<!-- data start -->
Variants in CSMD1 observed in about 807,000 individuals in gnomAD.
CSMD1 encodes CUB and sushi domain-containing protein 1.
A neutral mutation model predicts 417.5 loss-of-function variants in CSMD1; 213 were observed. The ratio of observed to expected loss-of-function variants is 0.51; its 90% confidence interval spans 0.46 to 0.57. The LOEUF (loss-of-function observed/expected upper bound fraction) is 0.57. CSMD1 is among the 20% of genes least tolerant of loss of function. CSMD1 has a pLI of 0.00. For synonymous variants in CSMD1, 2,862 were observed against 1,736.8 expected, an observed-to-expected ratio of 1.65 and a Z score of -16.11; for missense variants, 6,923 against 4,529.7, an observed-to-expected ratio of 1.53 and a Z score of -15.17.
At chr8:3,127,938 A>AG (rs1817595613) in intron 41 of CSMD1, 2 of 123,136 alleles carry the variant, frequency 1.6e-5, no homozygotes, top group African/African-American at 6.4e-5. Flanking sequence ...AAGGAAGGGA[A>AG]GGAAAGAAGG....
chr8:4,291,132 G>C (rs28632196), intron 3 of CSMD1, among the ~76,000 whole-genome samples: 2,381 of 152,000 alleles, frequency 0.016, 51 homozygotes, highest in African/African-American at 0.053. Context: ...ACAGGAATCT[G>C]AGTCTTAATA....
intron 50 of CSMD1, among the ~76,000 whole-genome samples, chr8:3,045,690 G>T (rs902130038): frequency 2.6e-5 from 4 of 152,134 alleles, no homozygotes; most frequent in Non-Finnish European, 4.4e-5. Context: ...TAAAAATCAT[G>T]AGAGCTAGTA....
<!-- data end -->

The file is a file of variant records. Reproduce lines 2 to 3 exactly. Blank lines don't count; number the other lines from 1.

CSMD1 encodes CUB and sushi domain-containing protein 1.
A neutral mutation model predicts 417.5 loss-of-function variants in CSMD1; 213 were observed. The ratio of observed to expected loss-of-function variants is 0.51; its 90% confidence interval spans 0.46 to 0.57. The LOEUF (loss-of-function observed/expected upper bound fraction) is 0.57. CSMD1 is among the 20% of genes least tolerant of loss of function. CSMD1 has a pLI of 0.00. For synonymous variants in CSMD1, 2,862 were observed against 1,736.8 expected, an observed-to-expected ratio of 1.65 and a Z score of -16.11; for missense variants, 6,923 against 4,529.7, an observed-to-expected ratio of 1.53 and a Z score of -15.17.